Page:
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Thursday, July 19, 2018

Truth be Told

The autobiography of an unusual woman who made unconventional choices

Written by Bharati Ray | Published: April 20, 2013 1:02:50 am

Book: A Life Apart: An Autobiography

Author: Prabha Khaitan

Tr by Ira Pande

Publisher: Zubaan

Price: Rs 395

Pages: 278

With her book in hand,I suddenly remember Prabha Khaitan. I had met her and she had showed much warmth towards me; we were part of the women’s movement and she was a prominent woman,as far as I recall,the first female President of the Calcutta Chamber of Commerce. After several encounters at several places,I lost touch,and then as it happens under pressure of work,or whatever,she slipped out of my mind. I blame myself today for not getting to know her,behind that sweet,friendly laughter. It is my loss,because she was an unusual woman.

And she has written an unusual book. Writing an autobiography,she says,“is a striptease act,” and she has bared her life,and soul,in this strikingly honest piece. It is primarily a love story. Whatever she might say,to me,it seems a one-sided love story. The man was not worthy of her. While going through their conversations,and getting glimpses of Prabha’s emotional upheavals,the insult she had to face from society — (in her own words) “neither a mother,nor a wife,not a daughter,not even a kept woman”— what was she? One is reminded of Tagore’s line “Bhalobasa kare koi? Se ki emoni jatanamoy? (What is the thing called love? Is it so painful?)” She sometimes asked herself what she got out of this lifelong relationship with a married man,while he hardly looked after her needs. She however devotedly “carried the torch for him”. But at the end of a constant struggle with herself and frustrations with the man she loved,she learnt two important lessons —“bodily desires do not square with love” and “Did I really know the man?…the only person I knew and understood was myself.” Maybe these are age old truths,but one seldom consciously realises them.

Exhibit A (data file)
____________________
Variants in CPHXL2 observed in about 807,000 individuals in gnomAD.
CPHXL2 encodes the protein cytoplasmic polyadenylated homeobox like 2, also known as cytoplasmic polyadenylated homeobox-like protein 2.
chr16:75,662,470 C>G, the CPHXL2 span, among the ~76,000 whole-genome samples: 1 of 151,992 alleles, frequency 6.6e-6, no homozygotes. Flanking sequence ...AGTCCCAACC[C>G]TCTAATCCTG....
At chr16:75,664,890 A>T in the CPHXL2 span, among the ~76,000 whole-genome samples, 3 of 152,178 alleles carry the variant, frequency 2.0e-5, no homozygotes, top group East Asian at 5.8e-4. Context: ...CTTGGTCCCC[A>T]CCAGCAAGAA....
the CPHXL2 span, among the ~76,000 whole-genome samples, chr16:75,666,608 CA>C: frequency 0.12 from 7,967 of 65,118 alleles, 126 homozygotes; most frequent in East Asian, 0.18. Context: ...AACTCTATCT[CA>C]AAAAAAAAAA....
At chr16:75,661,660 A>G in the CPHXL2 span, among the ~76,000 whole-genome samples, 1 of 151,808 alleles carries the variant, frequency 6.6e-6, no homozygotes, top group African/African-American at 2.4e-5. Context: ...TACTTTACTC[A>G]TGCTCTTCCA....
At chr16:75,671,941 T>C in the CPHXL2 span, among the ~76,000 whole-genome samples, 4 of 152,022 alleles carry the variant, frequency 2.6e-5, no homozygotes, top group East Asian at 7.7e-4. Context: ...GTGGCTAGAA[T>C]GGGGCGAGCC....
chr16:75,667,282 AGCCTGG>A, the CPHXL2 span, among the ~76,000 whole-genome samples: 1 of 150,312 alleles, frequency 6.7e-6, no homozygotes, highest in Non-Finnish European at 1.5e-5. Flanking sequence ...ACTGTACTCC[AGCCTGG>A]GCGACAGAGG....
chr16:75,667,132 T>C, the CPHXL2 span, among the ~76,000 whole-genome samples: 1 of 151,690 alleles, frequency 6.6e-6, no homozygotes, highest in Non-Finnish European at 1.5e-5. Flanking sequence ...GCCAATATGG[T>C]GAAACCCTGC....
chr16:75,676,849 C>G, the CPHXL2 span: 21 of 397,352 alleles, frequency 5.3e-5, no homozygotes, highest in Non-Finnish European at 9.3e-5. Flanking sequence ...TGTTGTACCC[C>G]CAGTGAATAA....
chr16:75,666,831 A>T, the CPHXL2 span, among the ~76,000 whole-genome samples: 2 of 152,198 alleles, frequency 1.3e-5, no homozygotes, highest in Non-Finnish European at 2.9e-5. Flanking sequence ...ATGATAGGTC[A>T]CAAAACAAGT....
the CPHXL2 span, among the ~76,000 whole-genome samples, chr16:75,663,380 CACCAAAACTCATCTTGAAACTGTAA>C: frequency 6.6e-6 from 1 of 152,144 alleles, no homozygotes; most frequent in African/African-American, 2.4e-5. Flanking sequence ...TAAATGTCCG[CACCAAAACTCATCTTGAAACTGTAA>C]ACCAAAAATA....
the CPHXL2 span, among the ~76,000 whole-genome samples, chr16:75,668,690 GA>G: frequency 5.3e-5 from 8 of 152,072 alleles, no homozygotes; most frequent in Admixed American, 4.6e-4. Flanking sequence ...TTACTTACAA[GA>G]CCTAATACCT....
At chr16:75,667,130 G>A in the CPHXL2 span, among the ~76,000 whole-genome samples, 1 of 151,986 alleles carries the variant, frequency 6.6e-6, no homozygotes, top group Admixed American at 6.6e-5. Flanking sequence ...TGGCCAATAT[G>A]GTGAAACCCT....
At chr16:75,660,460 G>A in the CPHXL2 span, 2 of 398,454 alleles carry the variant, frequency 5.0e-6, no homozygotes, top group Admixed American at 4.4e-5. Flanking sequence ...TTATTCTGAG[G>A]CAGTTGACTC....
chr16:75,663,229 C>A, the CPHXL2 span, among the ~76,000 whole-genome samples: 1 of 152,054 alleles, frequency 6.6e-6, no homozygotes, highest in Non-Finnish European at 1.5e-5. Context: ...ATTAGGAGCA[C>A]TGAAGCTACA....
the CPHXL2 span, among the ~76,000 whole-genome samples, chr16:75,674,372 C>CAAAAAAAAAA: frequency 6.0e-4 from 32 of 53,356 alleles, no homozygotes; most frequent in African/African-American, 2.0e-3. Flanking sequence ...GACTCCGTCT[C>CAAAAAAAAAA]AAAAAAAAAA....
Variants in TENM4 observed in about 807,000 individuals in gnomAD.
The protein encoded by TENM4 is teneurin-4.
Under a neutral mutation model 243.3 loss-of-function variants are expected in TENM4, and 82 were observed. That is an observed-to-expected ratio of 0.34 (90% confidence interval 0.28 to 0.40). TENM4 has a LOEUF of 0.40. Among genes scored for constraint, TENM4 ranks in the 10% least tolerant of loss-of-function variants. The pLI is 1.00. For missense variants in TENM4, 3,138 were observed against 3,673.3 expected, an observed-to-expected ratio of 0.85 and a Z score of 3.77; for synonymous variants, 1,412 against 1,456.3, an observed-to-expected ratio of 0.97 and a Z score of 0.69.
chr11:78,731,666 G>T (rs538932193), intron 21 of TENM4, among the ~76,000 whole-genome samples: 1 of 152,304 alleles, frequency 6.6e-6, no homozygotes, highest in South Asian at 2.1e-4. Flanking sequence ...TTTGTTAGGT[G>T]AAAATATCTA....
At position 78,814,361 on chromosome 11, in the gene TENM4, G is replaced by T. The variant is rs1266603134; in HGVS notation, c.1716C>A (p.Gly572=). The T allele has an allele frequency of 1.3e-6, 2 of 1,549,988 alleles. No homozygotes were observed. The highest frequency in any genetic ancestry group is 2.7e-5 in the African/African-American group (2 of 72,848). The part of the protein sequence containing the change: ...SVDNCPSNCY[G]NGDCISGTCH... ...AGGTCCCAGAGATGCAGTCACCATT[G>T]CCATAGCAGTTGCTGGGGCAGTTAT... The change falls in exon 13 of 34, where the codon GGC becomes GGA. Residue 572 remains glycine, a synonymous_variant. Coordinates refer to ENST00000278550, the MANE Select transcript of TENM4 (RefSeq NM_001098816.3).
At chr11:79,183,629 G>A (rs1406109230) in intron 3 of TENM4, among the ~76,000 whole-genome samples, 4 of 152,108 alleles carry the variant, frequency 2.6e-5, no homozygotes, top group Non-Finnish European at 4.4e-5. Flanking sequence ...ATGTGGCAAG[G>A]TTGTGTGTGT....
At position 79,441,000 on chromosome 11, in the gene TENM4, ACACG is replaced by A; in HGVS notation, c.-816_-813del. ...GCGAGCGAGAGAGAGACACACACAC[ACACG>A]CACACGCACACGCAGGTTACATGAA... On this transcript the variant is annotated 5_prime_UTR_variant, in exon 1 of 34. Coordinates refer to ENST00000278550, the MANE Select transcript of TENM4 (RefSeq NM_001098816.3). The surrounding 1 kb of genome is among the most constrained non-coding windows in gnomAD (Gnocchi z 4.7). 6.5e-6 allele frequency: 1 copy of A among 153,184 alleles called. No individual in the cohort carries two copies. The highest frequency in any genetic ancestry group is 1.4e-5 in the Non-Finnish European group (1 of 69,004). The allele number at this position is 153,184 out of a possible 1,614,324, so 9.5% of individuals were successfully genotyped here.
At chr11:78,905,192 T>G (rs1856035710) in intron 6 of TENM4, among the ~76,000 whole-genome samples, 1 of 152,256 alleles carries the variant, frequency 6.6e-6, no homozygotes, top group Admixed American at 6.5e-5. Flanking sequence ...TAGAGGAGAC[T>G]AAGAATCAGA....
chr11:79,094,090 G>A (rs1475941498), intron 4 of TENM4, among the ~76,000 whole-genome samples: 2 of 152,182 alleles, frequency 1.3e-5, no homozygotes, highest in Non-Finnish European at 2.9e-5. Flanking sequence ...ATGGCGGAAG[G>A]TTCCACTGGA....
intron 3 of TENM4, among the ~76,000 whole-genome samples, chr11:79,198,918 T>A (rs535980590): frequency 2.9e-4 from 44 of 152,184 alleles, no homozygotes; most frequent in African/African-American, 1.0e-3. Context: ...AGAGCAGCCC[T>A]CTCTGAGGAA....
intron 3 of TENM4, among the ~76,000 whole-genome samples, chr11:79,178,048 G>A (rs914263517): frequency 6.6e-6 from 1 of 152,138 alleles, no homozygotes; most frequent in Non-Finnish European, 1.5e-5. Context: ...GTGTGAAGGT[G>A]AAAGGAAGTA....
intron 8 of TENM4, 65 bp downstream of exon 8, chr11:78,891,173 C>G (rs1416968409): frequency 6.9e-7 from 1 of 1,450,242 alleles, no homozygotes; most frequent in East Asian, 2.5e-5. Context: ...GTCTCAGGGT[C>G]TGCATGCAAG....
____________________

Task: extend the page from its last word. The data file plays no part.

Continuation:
Prabha had another great love,almost as obsessive as the love for the man. It was her work,her business. Starting from scratch,she built up a big business,became rich on her own,earning more than the doctor lover. The man grew intolerant. Who wants a woman as a lover who is at heart a business woman,and “like a man” understands the dubious game of profits,losses,takes her business decisions and travels the world for her work? The man was jealous,and in my view,mean,never extending a hand of support.

Prabha came from the conservative Marwari community and defied conventions to lead life on her own terms. Fighting her battles single-handedly,she felt the unfairness of the patriarchal world. “This whole nonsense of of the sanctity of a woman’s body is a patriarchal myth. It is always the woman who is told to keep herself pure and the onus is always placed on her shoulders,never on a man’s. Have you ever heard of a man committing sati or jauhar,” she writes.

Read as a love story,examined as a social history,providing a portrait of contemporary times,analysed as a feminist text,Prabha’s work,competently translated by Ira Pande,is an autobiographical text matched by few. In my research on women’s autobiographies,I have seldom come across a work that so unabashedly,candidly and courageously tells the truth,unconcerned about how society will judge it. She says about a temporary relationship,“I did not commit a crime; it was just another example of human frailty.” And who is free from that?

Bharati Ray is vice-president of the Indian Council for Cultural Relations

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